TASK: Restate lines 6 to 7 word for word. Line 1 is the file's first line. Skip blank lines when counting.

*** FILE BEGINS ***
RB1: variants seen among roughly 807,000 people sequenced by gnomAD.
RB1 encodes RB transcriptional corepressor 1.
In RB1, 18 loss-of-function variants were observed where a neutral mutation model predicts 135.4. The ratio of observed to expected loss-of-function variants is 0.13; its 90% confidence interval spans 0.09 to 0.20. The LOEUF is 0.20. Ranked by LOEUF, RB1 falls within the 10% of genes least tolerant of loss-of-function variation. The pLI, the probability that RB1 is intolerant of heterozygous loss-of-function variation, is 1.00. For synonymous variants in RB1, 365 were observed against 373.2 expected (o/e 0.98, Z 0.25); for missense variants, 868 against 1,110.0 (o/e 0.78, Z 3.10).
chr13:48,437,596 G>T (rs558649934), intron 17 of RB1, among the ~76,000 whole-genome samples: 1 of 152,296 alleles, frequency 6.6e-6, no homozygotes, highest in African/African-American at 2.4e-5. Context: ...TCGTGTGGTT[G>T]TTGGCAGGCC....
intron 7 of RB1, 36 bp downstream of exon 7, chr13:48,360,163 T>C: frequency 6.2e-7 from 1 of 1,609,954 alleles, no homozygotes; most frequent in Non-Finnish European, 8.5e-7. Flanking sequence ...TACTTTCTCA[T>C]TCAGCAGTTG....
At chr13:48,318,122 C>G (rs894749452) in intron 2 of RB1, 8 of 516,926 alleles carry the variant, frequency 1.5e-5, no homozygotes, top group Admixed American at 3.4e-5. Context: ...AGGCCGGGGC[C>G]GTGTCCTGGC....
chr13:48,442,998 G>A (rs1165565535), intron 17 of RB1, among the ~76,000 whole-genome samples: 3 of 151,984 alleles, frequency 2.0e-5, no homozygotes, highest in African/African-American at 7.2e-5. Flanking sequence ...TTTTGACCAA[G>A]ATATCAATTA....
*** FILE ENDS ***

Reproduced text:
At chr13:48,318,122 C>G (rs894749452) in intron 2 of RB1, 8 of 516,926 alleles carry the variant, frequency 1.5e-5, no homozygotes, top group Admixed American at 3.4e-5. Context: ...AGGCCGGGGC[C>G]GTGTCCTGGC....
chr13:48,442,998 G>A (rs1165565535), intron 17 of RB1, among the ~76,000 whole-genome samples: 3 of 151,984 alleles, frequency 2.0e-5, no homozygotes, highest in African/African-American at 7.2e-5. Flanking sequence ...TTTTGACCAA[G>A]ATATCAATTA....